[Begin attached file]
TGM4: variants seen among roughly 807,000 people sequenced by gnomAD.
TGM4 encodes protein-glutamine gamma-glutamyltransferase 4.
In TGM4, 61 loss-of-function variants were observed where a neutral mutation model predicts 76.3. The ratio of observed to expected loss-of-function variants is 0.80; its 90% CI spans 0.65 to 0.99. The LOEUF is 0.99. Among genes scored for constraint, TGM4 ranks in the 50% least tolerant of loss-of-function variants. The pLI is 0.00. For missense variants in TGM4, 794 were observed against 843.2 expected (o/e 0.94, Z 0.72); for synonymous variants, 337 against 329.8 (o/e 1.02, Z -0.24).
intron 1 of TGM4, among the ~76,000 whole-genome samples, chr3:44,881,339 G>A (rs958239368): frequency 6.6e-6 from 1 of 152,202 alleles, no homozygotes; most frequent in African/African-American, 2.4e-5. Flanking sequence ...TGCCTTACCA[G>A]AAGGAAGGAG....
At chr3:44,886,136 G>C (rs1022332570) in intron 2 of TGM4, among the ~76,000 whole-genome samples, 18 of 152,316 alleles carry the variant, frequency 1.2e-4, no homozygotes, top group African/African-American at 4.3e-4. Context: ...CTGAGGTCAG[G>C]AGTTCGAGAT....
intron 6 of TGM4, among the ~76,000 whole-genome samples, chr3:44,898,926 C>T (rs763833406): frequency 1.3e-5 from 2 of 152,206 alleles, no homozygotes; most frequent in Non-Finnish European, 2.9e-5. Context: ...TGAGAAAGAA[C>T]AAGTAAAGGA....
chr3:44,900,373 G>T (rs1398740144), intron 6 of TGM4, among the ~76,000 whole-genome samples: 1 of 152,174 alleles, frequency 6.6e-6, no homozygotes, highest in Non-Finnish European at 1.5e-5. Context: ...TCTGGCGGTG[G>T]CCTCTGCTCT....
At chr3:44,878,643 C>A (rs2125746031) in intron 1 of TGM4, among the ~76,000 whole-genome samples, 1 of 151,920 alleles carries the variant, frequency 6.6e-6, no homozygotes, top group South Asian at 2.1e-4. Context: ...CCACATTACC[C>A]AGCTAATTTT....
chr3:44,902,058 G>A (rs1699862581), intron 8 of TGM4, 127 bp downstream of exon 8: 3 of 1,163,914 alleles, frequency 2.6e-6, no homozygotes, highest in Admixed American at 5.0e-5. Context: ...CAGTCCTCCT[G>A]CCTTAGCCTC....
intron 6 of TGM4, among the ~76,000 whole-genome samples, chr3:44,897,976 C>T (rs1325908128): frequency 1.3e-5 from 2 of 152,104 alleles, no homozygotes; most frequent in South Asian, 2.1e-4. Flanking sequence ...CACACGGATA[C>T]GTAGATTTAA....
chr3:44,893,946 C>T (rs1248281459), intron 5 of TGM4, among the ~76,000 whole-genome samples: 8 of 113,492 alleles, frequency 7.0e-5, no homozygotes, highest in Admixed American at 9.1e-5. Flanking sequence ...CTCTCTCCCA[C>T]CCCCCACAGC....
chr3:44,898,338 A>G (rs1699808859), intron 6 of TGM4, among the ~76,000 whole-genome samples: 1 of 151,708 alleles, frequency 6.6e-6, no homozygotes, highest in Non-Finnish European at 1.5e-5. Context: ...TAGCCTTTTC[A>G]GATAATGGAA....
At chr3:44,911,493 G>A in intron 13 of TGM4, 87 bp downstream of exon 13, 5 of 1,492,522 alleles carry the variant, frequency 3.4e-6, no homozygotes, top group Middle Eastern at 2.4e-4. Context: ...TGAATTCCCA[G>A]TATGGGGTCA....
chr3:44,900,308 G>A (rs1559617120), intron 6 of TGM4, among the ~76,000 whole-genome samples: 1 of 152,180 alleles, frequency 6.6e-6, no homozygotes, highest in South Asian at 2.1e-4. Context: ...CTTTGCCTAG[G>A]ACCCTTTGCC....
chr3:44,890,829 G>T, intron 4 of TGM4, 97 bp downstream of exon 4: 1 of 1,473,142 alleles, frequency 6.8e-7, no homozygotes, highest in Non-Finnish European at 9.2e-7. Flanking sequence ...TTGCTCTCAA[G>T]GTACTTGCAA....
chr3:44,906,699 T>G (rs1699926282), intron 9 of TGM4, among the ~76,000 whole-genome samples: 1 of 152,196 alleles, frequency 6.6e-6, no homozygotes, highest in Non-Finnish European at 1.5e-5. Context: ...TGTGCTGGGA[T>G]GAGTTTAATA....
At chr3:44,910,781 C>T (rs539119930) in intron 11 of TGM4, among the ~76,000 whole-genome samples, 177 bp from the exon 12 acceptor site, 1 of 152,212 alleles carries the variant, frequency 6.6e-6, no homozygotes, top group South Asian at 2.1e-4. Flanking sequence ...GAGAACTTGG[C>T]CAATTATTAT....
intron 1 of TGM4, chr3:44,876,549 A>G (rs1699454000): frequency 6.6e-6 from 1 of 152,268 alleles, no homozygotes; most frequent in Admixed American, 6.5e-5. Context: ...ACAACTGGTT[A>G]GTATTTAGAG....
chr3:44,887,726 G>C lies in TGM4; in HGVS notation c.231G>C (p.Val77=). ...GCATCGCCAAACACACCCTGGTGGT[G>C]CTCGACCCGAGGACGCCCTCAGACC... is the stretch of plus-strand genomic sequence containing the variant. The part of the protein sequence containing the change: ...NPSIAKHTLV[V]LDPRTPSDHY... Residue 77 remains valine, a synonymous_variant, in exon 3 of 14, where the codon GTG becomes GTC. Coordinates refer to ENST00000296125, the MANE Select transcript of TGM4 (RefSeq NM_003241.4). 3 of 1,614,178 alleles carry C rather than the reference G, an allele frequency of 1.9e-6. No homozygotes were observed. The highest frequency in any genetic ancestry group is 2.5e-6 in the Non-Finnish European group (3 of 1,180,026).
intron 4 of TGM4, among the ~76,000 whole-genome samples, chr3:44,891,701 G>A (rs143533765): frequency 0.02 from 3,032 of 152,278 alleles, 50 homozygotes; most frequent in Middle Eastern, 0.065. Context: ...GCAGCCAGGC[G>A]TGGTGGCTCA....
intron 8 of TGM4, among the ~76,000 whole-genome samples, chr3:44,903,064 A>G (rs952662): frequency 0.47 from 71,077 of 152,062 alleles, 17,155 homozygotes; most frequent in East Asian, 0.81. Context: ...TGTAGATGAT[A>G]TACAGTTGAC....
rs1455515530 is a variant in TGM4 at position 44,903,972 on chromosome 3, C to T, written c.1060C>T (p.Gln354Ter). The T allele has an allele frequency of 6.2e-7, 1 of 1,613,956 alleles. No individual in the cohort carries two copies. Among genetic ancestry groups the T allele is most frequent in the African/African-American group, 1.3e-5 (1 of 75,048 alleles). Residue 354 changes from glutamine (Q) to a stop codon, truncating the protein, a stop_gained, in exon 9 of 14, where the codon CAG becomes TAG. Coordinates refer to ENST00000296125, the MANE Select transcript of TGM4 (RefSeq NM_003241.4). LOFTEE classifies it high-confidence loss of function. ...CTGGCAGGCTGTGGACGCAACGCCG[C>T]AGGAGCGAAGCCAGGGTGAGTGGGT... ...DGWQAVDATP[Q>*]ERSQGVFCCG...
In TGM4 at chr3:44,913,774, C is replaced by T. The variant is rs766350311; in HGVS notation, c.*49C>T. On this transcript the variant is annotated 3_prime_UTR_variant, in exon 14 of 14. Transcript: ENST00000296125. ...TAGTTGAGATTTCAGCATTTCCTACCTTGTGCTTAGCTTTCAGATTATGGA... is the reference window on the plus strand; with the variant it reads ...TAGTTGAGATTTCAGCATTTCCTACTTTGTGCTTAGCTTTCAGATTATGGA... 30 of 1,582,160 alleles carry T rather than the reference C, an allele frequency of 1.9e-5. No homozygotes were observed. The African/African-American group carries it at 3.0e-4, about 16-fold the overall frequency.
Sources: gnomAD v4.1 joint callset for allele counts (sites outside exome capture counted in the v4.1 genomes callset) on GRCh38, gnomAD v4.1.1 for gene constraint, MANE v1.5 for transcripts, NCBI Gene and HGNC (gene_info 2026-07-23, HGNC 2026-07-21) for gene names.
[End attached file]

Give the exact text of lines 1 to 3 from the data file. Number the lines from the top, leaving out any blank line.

TGM4: variants seen among roughly 807,000 people sequenced by gnomAD.
TGM4 encodes protein-glutamine gamma-glutamyltransferase 4.
In TGM4, 61 loss-of-function variants were observed where a neutral mutation model predicts 76.3. The ratio of observed to expected loss-of-function variants is 0.80; its 90% CI spans 0.65 to 0.99. The LOEUF is 0.99. Among genes scored for constraint, TGM4 ranks in the 50% least tolerant of loss-of-function variants. The pLI is 0.00. For missense variants in TGM4, 794 were observed against 843.2 expected (o/e 0.94, Z 0.72); for synonymous variants, 337 against 329.8 (o/e 1.02, Z -0.24).